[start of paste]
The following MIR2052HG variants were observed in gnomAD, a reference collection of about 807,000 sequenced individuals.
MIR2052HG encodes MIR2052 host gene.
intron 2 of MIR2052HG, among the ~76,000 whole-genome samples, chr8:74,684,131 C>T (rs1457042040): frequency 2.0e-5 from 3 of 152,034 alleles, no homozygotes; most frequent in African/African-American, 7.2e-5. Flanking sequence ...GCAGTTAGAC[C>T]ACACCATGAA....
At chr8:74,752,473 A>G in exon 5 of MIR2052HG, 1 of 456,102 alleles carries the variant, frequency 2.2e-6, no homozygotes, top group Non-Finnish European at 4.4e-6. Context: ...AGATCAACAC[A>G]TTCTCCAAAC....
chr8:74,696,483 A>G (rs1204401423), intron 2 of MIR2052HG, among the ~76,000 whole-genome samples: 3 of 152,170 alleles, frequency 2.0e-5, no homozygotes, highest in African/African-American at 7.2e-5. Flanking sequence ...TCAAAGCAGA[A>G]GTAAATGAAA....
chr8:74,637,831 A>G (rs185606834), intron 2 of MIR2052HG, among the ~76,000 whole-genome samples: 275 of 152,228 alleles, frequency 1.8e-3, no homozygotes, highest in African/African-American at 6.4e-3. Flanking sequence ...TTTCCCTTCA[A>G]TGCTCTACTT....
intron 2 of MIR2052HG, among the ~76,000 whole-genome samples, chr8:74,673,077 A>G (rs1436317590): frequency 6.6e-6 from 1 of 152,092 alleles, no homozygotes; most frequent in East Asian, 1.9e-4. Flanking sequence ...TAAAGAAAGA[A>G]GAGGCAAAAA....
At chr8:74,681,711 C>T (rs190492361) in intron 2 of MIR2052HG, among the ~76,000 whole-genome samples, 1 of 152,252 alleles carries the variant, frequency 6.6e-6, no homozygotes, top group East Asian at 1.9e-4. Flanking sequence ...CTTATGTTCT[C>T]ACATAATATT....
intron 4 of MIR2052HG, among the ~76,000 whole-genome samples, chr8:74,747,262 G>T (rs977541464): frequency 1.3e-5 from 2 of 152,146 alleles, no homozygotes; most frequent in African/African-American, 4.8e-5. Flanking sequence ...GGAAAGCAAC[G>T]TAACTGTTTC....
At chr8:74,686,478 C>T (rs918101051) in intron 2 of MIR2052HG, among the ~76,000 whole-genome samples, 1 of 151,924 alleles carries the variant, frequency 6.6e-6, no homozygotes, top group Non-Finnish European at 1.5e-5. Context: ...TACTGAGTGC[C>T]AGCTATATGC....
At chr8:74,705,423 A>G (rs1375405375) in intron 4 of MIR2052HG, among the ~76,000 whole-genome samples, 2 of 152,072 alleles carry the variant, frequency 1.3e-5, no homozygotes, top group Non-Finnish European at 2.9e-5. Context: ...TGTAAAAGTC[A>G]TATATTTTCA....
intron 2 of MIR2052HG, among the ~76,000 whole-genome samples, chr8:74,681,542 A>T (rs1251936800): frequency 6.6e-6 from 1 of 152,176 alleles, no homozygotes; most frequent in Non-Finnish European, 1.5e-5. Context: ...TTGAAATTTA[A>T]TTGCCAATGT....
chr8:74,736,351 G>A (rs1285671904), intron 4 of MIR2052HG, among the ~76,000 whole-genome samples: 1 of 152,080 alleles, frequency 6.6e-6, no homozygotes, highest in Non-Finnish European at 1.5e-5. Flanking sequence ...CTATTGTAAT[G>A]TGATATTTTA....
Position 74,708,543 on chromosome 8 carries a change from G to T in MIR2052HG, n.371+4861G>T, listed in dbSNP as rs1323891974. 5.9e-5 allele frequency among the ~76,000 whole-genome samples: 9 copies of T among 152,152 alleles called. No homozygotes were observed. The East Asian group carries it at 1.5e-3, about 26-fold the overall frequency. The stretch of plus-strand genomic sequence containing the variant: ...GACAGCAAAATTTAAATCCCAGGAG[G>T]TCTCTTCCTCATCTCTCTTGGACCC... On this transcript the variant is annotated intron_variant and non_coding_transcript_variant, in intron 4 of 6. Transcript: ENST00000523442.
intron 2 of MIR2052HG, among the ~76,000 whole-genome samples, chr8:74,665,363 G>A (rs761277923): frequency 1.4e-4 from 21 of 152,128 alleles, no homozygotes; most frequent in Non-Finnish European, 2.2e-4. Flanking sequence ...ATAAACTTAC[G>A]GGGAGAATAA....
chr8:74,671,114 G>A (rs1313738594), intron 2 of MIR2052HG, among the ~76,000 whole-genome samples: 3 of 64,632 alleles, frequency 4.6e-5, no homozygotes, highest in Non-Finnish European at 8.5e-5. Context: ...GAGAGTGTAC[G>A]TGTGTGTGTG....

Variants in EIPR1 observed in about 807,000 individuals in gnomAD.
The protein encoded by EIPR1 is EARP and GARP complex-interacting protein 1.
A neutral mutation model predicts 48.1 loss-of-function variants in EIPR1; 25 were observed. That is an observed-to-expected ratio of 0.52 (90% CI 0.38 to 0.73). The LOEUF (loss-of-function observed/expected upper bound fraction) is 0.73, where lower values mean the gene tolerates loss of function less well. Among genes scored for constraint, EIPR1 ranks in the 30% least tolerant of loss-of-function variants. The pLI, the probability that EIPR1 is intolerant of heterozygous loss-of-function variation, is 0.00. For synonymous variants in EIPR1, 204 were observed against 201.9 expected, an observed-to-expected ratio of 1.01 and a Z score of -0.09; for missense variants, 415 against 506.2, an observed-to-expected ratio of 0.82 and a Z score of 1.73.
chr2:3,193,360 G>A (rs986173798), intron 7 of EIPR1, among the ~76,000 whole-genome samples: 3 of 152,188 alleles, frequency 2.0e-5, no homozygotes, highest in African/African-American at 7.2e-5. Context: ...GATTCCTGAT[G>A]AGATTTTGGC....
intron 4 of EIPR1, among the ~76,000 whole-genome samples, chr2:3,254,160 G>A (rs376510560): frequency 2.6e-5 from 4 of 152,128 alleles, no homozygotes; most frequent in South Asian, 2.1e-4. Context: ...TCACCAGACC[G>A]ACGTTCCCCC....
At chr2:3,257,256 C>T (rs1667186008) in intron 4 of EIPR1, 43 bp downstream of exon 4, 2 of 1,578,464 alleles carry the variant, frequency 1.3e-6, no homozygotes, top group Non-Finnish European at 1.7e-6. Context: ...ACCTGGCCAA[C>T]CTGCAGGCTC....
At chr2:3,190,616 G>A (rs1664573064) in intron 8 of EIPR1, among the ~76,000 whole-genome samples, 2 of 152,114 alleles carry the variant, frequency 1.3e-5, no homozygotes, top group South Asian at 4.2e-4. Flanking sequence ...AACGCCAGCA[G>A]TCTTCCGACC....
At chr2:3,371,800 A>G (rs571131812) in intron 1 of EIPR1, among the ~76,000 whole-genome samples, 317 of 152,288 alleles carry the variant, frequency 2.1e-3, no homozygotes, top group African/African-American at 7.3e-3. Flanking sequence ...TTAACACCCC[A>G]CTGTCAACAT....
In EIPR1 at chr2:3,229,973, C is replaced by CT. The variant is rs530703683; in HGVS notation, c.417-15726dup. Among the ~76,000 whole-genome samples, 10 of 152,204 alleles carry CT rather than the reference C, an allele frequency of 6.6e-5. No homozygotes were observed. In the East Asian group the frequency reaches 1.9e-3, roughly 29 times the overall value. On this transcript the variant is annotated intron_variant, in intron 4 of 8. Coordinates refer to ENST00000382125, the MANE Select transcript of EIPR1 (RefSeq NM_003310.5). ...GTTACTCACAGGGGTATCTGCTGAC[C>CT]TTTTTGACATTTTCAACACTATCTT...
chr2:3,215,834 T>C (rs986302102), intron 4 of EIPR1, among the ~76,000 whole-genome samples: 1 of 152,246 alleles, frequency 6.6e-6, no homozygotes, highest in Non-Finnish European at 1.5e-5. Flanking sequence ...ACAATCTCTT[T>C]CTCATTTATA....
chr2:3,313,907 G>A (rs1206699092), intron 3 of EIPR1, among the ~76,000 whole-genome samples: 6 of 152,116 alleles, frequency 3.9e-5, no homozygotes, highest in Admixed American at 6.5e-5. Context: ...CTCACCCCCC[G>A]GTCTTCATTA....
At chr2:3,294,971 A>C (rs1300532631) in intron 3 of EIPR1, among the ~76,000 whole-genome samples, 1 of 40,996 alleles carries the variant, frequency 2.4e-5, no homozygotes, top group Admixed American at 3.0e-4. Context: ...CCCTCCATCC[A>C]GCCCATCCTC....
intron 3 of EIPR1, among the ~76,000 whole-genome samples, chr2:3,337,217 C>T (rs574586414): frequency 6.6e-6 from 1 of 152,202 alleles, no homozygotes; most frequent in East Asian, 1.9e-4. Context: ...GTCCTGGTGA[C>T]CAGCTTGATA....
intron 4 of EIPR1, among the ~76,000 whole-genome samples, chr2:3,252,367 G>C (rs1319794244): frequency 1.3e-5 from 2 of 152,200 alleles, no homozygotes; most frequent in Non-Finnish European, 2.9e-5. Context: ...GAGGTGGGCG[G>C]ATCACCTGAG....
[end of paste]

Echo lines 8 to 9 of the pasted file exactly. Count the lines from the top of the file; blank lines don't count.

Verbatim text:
At chr8:74,681,711 C>T (rs190492361) in intron 2 of MIR2052HG, among the ~76,000 whole-genome samples, 1 of 152,252 alleles carries the variant, frequency 6.6e-6, no homozygotes, top group East Asian at 1.9e-4. Flanking sequence ...CTTATGTTCT[C>T]ACATAATATT....
intron 4 of MIR2052HG, among the ~76,000 whole-genome samples, chr8:74,747,262 G>T (rs977541464): frequency 1.3e-5 from 2 of 152,146 alleles, no homozygotes; most frequent in African/African-American, 4.8e-5. Flanking sequence ...GGAAAGCAAC[G>T]TAACTGTTTC....